This summer while on vacation, I had the pleasure of reading Robert Cialdini’s excellent book Influence: The Psychology of Persuasion, which I can’t recommend highly enough. In the opening chapter, “The Weapons of Influence,” Cialdini discussed an interesting psychology experiment that reminded me of a recent post Amy Beth wrote about her vacation. She talked about the importance of explaining why people should comply with your requests, but Cialdini’s explanation helped me understand the value of that practice even better.
The experiment went like this: Experimenters approached people waiting in line for a copy machine. In the first round of the experiment, they asked “Excuse me, I have five pages. May I use the Xerox machine, because I’m in a rush?” Ninety-four percent of people granted their request when it was coupled with an explanation (“I’m in a rush”).
In the second round, they eliminated the reason and simply asked “Excuse me, I have five pages. May I use the Xerox machine?” In those cases, only 60% of people let them cut in line, a significant drop.
In the third and final round of the experiment, they asked “Excuse me, I have five pages. May I use the Xerox machine, because I have copies?” They reinserted the trigger word “Because,” but instead of following it with a legitimate reason, they said something pointless and obvious. Of course they have copies; why else would they want to use the copy machine? Logic would tell us that this method wouldn’t be any more effective that the second request, but surprisingly, 93% of people said “Yes.”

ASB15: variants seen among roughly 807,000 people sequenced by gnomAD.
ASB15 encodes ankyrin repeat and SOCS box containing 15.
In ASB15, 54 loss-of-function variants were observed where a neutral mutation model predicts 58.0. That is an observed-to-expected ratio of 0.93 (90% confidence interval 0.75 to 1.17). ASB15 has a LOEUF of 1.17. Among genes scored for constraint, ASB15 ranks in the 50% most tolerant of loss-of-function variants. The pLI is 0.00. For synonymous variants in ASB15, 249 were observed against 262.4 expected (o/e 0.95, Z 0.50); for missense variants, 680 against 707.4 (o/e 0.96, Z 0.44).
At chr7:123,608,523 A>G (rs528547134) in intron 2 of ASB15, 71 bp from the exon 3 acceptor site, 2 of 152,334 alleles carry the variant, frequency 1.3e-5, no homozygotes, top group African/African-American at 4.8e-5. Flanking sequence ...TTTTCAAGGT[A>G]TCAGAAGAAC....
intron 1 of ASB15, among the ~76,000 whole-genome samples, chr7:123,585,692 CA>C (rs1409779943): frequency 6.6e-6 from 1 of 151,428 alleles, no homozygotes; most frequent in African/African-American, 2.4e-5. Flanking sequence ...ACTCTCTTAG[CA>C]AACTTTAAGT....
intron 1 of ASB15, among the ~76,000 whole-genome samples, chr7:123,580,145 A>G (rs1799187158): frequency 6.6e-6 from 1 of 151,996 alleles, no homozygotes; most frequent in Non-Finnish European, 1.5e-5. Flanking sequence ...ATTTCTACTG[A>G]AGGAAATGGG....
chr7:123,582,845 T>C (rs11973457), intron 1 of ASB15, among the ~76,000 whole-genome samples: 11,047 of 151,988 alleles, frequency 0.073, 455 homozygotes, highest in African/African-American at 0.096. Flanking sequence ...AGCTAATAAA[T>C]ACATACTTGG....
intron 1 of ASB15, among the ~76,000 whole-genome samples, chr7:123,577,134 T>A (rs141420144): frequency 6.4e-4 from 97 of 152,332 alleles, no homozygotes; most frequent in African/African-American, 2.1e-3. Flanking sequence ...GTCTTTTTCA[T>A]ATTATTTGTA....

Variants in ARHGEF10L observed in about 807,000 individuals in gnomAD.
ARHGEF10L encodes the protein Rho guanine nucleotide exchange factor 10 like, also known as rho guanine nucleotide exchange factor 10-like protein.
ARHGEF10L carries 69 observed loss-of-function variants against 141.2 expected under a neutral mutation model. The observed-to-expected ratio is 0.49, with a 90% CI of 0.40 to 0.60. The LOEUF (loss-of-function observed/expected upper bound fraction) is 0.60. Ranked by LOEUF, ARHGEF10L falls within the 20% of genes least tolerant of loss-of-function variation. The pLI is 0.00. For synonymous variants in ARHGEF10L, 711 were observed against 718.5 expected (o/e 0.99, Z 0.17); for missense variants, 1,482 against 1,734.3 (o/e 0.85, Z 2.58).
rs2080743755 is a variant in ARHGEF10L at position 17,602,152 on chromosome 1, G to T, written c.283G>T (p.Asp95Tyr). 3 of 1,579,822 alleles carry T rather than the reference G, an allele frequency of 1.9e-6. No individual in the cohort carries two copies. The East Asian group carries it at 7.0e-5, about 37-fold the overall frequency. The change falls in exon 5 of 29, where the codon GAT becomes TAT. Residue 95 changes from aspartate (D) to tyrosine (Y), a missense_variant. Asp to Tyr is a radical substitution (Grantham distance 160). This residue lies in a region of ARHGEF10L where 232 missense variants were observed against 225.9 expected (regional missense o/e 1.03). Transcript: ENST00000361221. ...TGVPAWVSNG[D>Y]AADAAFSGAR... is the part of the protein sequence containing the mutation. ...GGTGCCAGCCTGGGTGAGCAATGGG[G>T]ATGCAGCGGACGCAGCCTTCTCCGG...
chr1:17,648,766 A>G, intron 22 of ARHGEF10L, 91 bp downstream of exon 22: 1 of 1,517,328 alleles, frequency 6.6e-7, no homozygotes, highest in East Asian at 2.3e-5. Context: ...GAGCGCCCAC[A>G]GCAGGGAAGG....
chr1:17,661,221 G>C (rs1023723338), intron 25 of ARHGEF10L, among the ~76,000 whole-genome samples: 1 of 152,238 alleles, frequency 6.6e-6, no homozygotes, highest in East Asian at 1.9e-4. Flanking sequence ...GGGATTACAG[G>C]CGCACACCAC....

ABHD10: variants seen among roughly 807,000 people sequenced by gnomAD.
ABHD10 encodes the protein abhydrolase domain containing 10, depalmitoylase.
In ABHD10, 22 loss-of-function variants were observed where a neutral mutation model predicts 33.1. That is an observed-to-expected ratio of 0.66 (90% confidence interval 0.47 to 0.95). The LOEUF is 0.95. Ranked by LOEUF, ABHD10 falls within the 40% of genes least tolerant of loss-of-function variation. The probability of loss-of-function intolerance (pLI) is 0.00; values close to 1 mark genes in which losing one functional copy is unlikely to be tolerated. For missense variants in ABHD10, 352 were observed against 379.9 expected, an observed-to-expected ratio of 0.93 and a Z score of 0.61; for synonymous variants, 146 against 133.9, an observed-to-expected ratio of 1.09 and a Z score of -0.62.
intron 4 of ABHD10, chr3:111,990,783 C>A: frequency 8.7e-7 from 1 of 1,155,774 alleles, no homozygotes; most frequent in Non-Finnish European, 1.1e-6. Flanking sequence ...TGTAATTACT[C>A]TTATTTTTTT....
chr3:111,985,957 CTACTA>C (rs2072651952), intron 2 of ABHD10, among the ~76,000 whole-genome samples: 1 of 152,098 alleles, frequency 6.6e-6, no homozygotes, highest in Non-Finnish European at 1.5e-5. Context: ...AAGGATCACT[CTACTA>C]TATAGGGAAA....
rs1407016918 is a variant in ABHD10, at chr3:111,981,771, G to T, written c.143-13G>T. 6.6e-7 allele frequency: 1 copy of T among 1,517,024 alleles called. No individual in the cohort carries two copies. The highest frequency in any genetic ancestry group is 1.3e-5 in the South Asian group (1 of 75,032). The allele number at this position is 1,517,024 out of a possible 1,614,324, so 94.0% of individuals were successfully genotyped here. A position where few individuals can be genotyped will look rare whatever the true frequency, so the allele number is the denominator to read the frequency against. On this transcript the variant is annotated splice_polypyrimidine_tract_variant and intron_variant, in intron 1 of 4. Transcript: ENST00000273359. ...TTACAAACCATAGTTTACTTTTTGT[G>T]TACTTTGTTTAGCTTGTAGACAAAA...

The experiment indicates that we have an automatic response to the word “Because.” We assume that it will be followed by a genuine reason, and—apparently—we often go along with requests just because it’s there.
I don’t condone manipulating people with nonsensical or worthless reasons, but I agree with Amy Beth that following up a request or suggestion to customers, employees or co-workers with authentic reasons is a great practice.
A few days after I returned from my vacation, I visited my mom at a local hospital, where she was recovering from a successful knee surgery. As I rode in the elevator and read the above sign, I thought “Hey, they must have read Cialdini’s book too!” I don’t know if that’s really the case, but regardless, I suspect that their explanation for why their elevator doors close so slowly probably is very effective for calming anxious hospital visitors who wouldn’t otherwise be inclined to patience.
In what situations have you found that offering a reason has been effective?
[Image Source: Catherine Ahern]